It has also been suggested bringing back Mourinho would demonstrate another volte-face from Abramovich, who was thought to want exciting, attacking football. Mourinho has in the past built his reputation on defensive organisation. But a Cristiano Ronaldo-inspired Real Madrid have scored 85 goals in 25 league games this season.
Mourinho's house-buying expedition in London last Tuesday has added to the rumours he is to return to the Premier League. It would not be out of character to leave Real if the 10-point lead is maintained over the all-conquering Barcelona of Pep Guardiola, who has also been linked with Chelsea, and the Primera Liga title is won. Real are also in with a chance of winning the Champions League and, as he did at Inter Milan, it is easy to imagine him saying goodbye if the European Cup is lifted in May.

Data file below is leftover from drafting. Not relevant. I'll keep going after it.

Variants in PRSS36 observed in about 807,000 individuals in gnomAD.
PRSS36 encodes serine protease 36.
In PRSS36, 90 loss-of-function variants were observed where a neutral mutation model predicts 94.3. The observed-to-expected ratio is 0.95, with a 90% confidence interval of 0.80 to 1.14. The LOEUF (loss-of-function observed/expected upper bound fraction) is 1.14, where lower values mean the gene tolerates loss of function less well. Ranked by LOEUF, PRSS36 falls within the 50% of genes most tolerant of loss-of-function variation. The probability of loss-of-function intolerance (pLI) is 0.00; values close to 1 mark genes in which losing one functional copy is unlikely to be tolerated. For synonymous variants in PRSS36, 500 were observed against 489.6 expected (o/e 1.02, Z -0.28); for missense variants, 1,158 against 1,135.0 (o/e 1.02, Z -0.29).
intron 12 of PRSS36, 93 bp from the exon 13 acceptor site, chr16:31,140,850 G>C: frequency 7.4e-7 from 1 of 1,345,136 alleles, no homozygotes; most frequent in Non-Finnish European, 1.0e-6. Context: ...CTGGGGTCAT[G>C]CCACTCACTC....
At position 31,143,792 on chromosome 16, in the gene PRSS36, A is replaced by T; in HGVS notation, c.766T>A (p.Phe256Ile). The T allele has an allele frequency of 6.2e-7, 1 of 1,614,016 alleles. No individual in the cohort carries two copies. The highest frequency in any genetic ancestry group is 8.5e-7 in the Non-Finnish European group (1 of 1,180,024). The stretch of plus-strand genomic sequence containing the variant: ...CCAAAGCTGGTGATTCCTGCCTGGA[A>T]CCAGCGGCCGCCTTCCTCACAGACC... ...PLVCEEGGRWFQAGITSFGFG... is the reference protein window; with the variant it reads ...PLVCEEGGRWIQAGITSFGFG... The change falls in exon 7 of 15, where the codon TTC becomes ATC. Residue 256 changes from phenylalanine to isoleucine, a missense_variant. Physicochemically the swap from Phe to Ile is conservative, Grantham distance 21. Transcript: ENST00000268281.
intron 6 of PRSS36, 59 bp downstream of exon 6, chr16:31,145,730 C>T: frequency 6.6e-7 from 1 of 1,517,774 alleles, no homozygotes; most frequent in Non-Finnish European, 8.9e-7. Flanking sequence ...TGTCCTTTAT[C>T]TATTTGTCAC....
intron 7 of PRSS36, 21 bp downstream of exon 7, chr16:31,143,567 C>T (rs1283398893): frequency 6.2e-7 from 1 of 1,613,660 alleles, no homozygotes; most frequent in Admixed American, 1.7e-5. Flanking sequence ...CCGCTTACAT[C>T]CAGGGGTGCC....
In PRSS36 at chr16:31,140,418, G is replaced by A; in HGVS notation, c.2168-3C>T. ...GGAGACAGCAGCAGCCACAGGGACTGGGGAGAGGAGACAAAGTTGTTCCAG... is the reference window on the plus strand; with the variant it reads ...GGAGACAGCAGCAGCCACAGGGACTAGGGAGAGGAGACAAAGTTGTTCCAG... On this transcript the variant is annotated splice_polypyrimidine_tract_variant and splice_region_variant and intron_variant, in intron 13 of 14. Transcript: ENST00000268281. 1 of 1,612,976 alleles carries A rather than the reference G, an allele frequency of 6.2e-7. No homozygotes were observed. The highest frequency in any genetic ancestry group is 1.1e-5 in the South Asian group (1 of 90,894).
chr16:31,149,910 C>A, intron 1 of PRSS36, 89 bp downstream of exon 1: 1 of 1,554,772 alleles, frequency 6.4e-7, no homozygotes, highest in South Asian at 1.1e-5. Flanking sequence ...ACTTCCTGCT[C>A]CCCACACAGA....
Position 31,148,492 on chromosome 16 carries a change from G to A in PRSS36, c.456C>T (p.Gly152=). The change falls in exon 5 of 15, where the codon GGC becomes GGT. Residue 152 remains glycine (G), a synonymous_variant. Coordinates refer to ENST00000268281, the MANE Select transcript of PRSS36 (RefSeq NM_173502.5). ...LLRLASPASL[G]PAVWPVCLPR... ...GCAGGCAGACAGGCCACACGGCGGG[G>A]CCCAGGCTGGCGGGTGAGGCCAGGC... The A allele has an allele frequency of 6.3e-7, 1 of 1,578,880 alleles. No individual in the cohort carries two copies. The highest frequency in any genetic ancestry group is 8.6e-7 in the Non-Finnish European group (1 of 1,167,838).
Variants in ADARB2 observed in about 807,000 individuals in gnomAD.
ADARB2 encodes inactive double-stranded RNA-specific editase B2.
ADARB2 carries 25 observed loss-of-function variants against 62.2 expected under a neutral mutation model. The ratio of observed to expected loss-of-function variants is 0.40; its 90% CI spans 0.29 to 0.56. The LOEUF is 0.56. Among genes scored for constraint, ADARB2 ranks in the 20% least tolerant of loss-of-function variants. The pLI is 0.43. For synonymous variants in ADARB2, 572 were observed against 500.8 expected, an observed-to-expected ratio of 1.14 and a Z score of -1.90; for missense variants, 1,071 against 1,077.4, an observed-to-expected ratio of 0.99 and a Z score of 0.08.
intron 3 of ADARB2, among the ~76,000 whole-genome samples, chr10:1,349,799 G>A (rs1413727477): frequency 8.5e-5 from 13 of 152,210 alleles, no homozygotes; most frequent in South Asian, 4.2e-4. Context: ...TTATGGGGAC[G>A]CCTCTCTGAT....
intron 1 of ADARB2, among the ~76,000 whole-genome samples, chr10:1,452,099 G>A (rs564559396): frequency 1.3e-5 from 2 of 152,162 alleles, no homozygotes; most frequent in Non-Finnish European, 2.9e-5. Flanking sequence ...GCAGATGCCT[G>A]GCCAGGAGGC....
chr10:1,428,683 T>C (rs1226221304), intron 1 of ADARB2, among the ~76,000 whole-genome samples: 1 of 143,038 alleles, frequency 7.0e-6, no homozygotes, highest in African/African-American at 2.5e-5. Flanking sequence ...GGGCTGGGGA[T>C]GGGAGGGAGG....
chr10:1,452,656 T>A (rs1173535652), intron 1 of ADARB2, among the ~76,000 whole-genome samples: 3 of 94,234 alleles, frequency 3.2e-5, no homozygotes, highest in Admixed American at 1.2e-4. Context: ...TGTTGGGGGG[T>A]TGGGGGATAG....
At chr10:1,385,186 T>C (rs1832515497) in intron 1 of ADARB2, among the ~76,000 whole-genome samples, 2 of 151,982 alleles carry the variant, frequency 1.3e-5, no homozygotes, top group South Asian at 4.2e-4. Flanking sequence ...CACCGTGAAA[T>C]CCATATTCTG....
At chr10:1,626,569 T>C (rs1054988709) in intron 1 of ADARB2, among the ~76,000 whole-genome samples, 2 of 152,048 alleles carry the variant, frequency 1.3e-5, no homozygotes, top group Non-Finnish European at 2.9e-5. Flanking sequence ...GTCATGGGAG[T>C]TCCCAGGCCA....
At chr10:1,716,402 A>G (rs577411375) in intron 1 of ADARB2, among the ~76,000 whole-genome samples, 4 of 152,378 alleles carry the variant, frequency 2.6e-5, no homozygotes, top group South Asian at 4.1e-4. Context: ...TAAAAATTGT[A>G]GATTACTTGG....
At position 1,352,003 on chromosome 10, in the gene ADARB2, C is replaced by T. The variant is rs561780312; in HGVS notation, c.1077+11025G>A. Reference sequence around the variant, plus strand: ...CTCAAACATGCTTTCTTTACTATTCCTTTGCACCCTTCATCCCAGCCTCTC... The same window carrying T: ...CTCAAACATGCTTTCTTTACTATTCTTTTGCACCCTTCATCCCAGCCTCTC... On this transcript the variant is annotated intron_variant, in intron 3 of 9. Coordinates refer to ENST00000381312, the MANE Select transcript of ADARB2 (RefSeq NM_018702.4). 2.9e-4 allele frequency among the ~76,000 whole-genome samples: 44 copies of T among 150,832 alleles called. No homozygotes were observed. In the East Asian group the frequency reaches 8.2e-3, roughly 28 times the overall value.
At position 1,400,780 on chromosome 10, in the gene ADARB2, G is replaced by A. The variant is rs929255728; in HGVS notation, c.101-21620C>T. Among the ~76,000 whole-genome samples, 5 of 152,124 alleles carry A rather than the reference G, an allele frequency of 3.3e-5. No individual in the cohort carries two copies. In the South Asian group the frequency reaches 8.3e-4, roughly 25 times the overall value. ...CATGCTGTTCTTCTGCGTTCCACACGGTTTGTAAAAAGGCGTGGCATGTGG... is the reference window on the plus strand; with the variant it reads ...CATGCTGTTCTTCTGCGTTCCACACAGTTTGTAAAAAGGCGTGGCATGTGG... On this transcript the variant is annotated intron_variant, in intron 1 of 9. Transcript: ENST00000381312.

He appears to prefer projects which involve restoring clubs to their former greatness. Chelsea, though, would be an entirely different task this time around. It would involve rebuilding a squad, which is something he has not had to do having previously inherited largely talented line-ups full of potential. Why he would want to go back to Chelsea and give the likes of Lampard and Drogba, who he undoubtedly still thinks of with affection, the boot is difficult to comprehend.
Another struggle is said to be brooding behind the scenes at the Bernabeu and Mourinho is presently reported to be attempting to overhaul the club's training facilities and medical staff. But that is still nothing in comparison with what he would face at Chelsea. He has never been one to shirk a challenge. But in terms of a contest for autonomy and the rebuilding job, Abramovich's friendship request is one which should be ignored.
Who should be the next Chelsea manager?
Roberto Di Matteo